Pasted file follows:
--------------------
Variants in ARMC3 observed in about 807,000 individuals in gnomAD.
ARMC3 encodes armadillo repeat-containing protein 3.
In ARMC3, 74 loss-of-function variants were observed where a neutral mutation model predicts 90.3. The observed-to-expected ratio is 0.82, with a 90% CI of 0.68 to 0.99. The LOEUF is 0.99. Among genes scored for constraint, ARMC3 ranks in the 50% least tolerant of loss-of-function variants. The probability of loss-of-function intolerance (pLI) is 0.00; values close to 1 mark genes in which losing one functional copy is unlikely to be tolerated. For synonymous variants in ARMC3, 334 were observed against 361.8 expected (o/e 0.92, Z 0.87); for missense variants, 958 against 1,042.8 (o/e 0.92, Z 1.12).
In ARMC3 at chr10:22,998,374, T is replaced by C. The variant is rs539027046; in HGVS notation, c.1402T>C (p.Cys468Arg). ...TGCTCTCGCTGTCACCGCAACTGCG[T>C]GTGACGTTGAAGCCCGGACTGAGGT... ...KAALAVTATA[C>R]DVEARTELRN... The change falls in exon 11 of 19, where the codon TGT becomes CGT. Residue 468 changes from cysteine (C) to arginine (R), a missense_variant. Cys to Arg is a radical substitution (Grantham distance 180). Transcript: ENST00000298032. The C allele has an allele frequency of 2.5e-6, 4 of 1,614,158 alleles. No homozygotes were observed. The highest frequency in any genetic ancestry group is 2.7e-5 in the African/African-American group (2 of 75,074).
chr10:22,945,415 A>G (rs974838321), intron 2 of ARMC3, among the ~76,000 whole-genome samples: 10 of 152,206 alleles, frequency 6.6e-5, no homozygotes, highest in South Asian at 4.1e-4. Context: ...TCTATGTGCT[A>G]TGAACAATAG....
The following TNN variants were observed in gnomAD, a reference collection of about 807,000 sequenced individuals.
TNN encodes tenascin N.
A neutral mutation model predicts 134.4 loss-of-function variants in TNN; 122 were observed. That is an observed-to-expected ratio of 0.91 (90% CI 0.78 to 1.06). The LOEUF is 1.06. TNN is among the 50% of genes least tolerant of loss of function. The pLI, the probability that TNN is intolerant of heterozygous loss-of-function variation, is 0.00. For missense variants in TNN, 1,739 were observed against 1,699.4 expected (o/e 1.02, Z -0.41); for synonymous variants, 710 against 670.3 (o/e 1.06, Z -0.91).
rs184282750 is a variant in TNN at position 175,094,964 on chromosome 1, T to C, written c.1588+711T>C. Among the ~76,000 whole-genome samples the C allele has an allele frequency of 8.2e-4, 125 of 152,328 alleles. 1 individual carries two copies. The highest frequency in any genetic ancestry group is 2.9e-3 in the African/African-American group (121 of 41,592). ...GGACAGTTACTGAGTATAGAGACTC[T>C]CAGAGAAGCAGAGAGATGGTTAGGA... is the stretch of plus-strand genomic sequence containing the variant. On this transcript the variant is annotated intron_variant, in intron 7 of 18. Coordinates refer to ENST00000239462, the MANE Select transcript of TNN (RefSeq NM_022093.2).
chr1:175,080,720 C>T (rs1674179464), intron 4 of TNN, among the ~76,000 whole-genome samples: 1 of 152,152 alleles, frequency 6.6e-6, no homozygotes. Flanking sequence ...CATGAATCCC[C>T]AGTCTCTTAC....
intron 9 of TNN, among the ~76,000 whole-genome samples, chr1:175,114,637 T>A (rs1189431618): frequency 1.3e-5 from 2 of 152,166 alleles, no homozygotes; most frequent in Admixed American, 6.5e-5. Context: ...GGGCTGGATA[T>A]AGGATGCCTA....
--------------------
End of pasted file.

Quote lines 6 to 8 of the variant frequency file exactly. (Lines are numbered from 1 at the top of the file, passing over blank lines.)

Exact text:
The following TNN variants were observed in gnomAD, a reference collection of about 807,000 sequenced individuals.
TNN encodes tenascin N.
A neutral mutation model predicts 134.4 loss-of-function variants in TNN; 122 were observed. That is an observed-to-expected ratio of 0.91 (90% CI 0.78 to 1.06). The LOEUF is 1.06. TNN is among the 50% of genes least tolerant of loss of function. The pLI, the probability that TNN is intolerant of heterozygous loss-of-function variation, is 0.00. For missense variants in TNN, 1,739 were observed against 1,699.4 expected (o/e 1.02, Z -0.41); for synonymous variants, 710 against 670.3 (o/e 1.06, Z -0.91).